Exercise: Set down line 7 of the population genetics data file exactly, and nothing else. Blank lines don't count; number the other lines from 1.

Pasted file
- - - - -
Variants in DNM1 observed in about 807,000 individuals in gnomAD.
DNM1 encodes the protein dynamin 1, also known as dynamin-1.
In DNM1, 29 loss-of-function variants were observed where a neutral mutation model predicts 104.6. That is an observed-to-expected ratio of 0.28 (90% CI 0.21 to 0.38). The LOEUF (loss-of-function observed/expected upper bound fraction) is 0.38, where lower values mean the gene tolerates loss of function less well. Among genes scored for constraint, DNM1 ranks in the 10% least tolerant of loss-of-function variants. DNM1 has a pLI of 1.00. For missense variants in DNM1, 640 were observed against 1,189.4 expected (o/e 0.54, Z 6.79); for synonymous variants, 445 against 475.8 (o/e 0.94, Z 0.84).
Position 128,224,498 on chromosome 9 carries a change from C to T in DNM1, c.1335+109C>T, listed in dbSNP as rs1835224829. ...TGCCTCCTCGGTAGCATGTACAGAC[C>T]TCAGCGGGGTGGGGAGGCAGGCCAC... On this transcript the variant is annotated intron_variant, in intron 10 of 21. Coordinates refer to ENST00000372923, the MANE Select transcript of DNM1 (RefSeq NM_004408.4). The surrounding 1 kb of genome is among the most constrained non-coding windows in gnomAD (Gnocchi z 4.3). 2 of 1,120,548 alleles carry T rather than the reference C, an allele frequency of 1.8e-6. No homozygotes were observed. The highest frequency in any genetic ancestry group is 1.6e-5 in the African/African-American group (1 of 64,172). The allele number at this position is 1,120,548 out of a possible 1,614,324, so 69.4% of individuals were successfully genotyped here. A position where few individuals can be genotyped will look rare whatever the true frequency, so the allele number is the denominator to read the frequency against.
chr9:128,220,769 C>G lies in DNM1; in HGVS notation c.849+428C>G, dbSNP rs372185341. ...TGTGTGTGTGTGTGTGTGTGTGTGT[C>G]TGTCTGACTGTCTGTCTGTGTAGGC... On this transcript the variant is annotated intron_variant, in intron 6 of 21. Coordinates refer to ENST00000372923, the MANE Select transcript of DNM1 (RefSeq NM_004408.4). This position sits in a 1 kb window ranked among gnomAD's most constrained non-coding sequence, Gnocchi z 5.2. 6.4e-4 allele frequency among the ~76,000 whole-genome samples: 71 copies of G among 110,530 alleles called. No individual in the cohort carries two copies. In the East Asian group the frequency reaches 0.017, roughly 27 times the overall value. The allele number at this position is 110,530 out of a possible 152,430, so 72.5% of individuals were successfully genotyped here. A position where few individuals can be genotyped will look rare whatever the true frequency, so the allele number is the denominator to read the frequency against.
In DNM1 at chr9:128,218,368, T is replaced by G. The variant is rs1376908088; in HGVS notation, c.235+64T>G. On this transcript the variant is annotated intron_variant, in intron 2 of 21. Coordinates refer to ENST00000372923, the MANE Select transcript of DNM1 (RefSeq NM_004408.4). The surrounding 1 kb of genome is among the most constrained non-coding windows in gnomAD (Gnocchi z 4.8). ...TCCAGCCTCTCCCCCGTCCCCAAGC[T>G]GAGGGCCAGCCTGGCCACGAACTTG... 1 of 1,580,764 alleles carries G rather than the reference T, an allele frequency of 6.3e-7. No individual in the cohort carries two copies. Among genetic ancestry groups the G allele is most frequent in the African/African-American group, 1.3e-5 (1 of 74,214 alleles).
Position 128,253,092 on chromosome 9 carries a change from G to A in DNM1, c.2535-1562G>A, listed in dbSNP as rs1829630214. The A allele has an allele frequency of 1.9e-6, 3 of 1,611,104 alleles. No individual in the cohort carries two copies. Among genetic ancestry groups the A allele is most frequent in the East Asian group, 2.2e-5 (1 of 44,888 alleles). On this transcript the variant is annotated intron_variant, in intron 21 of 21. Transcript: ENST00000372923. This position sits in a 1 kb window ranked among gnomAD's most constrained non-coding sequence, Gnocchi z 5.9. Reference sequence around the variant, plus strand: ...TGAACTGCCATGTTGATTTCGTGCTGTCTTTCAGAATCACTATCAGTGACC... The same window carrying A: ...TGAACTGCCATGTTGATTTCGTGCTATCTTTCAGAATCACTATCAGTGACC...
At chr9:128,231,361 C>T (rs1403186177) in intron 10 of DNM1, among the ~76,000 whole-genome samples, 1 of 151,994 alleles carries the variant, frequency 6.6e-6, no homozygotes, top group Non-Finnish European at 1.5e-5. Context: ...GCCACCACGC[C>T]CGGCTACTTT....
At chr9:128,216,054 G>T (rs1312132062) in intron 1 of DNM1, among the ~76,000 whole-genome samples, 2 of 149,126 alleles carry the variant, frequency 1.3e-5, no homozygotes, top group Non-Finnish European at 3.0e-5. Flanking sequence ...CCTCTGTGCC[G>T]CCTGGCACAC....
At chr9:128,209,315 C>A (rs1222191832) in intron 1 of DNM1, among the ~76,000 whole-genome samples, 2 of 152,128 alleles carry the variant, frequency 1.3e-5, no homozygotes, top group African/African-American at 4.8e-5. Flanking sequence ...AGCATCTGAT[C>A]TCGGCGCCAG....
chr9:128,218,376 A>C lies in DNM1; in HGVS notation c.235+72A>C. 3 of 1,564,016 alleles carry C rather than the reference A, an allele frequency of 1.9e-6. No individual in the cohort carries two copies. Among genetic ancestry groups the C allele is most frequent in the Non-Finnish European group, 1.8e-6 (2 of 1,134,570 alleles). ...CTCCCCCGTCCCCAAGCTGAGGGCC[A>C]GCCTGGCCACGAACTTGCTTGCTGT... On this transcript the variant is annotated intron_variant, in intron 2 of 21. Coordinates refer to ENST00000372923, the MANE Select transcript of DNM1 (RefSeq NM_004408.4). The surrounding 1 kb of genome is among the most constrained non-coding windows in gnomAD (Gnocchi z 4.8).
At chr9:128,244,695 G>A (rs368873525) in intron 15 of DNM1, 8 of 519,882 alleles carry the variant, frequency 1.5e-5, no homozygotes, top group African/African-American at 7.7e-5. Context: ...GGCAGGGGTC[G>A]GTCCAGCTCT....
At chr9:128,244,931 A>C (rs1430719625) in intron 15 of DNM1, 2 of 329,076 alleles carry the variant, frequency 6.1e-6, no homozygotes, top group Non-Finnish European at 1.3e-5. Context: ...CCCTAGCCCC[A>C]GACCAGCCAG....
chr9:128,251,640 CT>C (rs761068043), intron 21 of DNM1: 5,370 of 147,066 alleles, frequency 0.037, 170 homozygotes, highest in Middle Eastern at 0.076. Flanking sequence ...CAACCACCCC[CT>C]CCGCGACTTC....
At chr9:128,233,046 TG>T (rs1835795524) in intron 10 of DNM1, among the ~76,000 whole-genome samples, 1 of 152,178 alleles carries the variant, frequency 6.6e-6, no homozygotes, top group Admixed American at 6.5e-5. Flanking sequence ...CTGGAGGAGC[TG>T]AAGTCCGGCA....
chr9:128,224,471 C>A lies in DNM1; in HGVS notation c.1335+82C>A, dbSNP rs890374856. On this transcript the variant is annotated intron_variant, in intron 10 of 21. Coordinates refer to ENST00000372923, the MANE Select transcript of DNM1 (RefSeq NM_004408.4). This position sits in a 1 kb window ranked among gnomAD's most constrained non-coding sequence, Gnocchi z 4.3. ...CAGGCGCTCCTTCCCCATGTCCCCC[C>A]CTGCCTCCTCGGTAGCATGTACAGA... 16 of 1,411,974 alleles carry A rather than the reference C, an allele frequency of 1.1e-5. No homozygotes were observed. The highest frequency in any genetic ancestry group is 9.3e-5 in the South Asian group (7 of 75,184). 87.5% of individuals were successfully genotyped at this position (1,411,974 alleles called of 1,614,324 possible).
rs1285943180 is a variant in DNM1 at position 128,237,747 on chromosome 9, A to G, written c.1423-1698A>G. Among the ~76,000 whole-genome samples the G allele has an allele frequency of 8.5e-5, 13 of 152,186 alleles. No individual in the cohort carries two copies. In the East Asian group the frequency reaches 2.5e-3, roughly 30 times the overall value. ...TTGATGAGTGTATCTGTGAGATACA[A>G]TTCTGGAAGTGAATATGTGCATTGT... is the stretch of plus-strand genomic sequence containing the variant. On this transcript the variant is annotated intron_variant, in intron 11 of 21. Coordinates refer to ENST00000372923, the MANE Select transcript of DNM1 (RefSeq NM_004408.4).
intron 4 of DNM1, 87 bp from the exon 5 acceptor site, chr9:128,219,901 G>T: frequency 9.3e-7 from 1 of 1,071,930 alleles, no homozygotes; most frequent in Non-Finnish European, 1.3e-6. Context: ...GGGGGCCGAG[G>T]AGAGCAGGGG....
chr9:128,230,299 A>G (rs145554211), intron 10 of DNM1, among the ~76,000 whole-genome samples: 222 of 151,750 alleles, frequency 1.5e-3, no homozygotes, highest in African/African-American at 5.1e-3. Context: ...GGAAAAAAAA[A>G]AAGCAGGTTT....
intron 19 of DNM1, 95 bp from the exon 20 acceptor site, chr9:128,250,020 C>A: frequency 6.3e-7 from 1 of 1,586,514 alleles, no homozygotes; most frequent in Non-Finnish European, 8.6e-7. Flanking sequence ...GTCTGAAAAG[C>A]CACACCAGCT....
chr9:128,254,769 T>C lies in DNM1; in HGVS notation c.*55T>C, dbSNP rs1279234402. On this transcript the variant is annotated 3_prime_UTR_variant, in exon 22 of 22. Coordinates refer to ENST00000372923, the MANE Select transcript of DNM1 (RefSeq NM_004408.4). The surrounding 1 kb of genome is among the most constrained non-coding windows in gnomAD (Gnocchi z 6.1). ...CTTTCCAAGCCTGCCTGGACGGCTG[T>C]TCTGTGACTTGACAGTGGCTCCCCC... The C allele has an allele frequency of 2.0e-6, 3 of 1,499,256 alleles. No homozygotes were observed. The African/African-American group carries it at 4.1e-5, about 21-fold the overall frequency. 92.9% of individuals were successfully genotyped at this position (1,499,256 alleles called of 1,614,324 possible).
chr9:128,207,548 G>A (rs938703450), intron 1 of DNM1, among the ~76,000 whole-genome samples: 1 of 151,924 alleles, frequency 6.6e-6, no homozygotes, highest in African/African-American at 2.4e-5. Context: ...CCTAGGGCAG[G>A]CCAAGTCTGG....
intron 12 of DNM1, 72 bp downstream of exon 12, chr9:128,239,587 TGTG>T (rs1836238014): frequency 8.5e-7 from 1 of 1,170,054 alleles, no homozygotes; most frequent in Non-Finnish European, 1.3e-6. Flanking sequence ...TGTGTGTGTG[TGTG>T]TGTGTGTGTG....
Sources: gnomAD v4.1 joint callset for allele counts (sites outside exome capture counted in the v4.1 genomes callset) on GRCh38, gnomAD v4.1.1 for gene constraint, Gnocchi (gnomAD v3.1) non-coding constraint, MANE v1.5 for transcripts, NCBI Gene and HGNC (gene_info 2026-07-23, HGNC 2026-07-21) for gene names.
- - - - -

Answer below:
Position 128,253,092 on chromosome 9 carries a change from G to A in DNM1, c.2535-1562G>A, listed in dbSNP as rs1829630214. The A allele has an allele frequency of 1.9e-6, 3 of 1,611,104 alleles. No individual in the cohort carries two copies. Among genetic ancestry groups the A allele is most frequent in the East Asian group, 2.2e-5 (1 of 44,888 alleles). On this transcript the variant is annotated intron_variant, in intron 21 of 21. Transcript: ENST00000372923. This position sits in a 1 kb window ranked among gnomAD's most constrained non-coding sequence, Gnocchi z 5.9. Reference sequence around the variant, plus strand: ...TGAACTGCCATGTTGATTTCGTGCTGTCTTTCAGAATCACTATCAGTGACC... The same window carrying A: ...TGAACTGCCATGTTGATTTCGTGCTATCTTTCAGAATCACTATCAGTGACC...